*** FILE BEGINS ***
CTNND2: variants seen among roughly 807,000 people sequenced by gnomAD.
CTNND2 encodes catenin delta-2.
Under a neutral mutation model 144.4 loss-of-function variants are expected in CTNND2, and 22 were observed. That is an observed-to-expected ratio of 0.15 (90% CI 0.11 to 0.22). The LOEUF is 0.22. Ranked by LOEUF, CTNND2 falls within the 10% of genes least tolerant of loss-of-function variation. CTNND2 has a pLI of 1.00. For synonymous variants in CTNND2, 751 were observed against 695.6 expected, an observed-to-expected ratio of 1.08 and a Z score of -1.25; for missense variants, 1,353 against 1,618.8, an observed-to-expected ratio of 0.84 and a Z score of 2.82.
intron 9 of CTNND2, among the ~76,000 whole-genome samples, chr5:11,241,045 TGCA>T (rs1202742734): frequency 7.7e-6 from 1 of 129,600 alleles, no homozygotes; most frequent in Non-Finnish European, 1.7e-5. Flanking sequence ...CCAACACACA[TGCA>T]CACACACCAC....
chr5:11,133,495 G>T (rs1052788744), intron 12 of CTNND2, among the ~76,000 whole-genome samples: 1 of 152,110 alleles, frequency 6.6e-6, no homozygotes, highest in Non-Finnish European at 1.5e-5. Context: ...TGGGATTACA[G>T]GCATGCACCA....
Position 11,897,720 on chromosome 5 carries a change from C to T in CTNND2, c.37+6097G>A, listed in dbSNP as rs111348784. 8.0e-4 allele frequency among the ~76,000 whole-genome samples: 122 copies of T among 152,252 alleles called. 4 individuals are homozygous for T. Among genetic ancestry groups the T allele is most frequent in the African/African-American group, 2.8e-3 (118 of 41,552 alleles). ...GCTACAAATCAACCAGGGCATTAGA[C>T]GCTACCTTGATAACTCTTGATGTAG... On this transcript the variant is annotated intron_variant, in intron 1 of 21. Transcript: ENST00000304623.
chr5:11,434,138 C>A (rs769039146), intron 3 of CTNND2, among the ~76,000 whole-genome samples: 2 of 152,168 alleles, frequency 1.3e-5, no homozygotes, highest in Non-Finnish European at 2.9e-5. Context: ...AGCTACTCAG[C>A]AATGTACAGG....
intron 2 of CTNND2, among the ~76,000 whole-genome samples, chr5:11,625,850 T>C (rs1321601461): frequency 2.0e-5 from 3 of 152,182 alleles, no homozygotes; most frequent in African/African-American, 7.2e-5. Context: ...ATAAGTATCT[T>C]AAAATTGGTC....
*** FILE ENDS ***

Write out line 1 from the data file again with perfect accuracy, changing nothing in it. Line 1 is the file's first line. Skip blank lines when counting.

CTNND2: variants seen among roughly 807,000 people sequenced by gnomAD.